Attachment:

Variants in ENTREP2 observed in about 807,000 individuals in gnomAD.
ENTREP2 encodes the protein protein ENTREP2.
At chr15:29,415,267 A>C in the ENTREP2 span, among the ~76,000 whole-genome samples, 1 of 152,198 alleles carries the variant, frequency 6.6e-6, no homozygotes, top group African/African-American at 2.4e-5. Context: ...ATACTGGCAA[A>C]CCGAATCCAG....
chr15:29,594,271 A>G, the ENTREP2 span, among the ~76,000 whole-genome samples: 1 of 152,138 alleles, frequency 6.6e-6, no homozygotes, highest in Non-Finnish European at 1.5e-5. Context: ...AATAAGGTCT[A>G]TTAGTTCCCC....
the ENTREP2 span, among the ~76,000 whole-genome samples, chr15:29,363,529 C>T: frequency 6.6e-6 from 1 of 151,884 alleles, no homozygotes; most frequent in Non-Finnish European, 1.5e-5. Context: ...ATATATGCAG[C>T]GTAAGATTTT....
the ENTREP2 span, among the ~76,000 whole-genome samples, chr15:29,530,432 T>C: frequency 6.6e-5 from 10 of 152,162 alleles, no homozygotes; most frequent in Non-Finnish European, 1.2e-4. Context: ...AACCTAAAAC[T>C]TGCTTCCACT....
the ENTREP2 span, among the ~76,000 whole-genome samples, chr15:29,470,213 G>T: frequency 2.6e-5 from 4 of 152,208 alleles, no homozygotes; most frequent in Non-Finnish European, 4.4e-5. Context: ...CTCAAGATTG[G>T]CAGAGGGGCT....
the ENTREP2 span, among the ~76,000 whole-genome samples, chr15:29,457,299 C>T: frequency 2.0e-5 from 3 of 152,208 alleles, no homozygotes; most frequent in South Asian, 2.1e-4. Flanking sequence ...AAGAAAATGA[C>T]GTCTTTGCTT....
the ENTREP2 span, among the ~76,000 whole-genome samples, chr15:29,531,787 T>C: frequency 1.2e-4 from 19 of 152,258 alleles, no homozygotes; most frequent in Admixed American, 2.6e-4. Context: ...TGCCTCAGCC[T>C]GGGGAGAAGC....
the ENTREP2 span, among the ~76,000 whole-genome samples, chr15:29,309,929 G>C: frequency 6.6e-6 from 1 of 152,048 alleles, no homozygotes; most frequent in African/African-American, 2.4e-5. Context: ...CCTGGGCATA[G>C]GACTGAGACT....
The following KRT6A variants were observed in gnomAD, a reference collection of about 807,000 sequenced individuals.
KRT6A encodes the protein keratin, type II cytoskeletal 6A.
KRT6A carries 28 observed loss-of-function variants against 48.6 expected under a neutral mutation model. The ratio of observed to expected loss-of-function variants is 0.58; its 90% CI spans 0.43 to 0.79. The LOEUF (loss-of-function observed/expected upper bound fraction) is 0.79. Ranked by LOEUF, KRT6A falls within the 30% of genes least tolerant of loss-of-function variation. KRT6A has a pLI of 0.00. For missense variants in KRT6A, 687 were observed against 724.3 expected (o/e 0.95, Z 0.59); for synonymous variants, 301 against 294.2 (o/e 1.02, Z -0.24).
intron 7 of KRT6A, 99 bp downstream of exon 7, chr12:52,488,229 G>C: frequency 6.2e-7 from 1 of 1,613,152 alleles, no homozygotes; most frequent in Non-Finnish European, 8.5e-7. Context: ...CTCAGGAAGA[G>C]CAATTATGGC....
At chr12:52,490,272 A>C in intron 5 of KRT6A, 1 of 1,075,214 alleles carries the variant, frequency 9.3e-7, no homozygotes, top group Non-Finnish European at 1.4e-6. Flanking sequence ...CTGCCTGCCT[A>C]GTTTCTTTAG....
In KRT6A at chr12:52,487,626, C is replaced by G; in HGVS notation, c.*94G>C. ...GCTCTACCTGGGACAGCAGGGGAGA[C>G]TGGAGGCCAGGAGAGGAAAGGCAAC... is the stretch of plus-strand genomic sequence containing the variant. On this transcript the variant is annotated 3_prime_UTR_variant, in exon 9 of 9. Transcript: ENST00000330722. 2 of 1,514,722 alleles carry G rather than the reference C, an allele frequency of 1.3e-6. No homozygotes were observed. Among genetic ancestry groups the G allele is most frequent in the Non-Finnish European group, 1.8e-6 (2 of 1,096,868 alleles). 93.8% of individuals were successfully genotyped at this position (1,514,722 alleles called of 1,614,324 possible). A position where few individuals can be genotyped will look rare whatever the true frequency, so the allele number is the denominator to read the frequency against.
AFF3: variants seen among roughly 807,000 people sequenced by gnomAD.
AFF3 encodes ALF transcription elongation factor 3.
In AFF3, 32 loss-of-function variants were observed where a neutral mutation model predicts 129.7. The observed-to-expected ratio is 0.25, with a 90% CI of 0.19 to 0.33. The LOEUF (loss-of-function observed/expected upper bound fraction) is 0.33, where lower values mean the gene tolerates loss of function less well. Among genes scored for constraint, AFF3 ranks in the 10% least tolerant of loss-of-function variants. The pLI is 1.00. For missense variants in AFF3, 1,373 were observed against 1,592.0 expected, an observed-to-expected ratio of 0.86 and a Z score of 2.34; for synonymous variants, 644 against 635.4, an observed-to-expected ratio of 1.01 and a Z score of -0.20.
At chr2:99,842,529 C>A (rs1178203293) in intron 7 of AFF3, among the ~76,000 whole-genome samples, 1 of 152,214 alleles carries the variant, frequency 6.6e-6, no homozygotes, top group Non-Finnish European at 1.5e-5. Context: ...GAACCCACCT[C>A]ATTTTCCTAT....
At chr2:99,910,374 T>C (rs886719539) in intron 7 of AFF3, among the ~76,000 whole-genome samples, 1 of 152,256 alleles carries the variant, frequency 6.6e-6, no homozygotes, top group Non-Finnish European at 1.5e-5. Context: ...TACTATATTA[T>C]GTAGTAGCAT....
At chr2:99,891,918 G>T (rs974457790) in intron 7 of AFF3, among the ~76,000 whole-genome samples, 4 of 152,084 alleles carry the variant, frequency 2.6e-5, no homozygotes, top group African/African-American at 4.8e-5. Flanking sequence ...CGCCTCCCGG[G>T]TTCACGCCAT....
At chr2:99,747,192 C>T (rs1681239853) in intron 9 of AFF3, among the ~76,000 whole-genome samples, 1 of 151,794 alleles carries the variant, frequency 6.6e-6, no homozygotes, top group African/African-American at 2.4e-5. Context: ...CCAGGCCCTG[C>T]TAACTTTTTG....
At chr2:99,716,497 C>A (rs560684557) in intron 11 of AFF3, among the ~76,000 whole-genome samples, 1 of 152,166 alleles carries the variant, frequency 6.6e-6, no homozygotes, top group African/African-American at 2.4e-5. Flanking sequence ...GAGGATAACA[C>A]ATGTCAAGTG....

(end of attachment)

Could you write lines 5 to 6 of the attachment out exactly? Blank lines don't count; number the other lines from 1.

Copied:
the ENTREP2 span, among the ~76,000 whole-genome samples, chr15:29,363,529 C>T: frequency 6.6e-6 from 1 of 151,884 alleles, no homozygotes; most frequent in Non-Finnish European, 1.5e-5. Context: ...ATATATGCAG[C>T]GTAAGATTTT....
the ENTREP2 span, among the ~76,000 whole-genome samples, chr15:29,530,432 T>C: frequency 6.6e-5 from 10 of 152,162 alleles, no homozygotes; most frequent in Non-Finnish European, 1.2e-4. Context: ...AACCTAAAAC[T>C]TGCTTCCACT....